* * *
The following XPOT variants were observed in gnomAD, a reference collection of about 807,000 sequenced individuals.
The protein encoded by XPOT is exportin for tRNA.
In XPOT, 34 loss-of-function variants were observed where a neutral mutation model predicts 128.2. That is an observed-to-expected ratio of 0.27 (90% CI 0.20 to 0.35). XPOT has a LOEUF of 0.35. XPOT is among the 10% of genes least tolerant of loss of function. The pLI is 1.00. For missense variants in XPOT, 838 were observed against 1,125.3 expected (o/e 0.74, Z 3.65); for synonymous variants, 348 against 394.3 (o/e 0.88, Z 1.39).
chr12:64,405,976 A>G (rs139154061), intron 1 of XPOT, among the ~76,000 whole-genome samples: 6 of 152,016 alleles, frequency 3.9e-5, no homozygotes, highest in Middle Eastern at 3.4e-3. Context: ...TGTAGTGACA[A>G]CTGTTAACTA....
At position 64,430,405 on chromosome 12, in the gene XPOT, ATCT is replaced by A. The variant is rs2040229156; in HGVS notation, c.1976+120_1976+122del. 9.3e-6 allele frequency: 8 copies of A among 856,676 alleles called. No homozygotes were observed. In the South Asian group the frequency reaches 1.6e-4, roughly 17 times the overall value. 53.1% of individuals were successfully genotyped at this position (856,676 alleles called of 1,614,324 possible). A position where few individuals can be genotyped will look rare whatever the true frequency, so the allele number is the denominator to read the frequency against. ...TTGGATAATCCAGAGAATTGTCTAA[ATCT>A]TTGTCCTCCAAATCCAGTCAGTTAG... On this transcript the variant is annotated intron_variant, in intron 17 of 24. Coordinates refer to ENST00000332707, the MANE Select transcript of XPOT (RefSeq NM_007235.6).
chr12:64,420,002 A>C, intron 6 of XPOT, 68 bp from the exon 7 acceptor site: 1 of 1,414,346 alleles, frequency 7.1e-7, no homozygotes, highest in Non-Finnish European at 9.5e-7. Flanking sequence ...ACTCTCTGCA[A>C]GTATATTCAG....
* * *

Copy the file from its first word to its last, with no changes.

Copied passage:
The following XPOT variants were observed in gnomAD, a reference collection of about 807,000 sequenced individuals.
The protein encoded by XPOT is exportin for tRNA.
In XPOT, 34 loss-of-function variants were observed where a neutral mutation model predicts 128.2. That is an observed-to-expected ratio of 0.27 (90% CI 0.20 to 0.35). XPOT has a LOEUF of 0.35. XPOT is among the 10% of genes least tolerant of loss of function. The pLI is 1.00. For missense variants in XPOT, 838 were observed against 1,125.3 expected (o/e 0.74, Z 3.65); for synonymous variants, 348 against 394.3 (o/e 0.88, Z 1.39).
chr12:64,405,976 A>G (rs139154061), intron 1 of XPOT, among the ~76,000 whole-genome samples: 6 of 152,016 alleles, frequency 3.9e-5, no homozygotes, highest in Middle Eastern at 3.4e-3. Context: ...TGTAGTGACA[A>G]CTGTTAACTA....
At position 64,430,405 on chromosome 12, in the gene XPOT, ATCT is replaced by A. The variant is rs2040229156; in HGVS notation, c.1976+120_1976+122del. 9.3e-6 allele frequency: 8 copies of A among 856,676 alleles called. No homozygotes were observed. In the South Asian group the frequency reaches 1.6e-4, roughly 17 times the overall value. 53.1% of individuals were successfully genotyped at this position (856,676 alleles called of 1,614,324 possible). A position where few individuals can be genotyped will look rare whatever the true frequency, so the allele number is the denominator to read the frequency against. ...TTGGATAATCCAGAGAATTGTCTAA[ATCT>A]TTGTCCTCCAAATCCAGTCAGTTAG... On this transcript the variant is annotated intron_variant, in intron 17 of 24. Coordinates refer to ENST00000332707, the MANE Select transcript of XPOT (RefSeq NM_007235.6).
chr12:64,420,002 A>C, intron 6 of XPOT, 68 bp from the exon 7 acceptor site: 1 of 1,414,346 alleles, frequency 7.1e-7, no homozygotes, highest in Non-Finnish European at 9.5e-7. Flanking sequence ...ACTCTCTGCA[A>C]GTATATTCAG....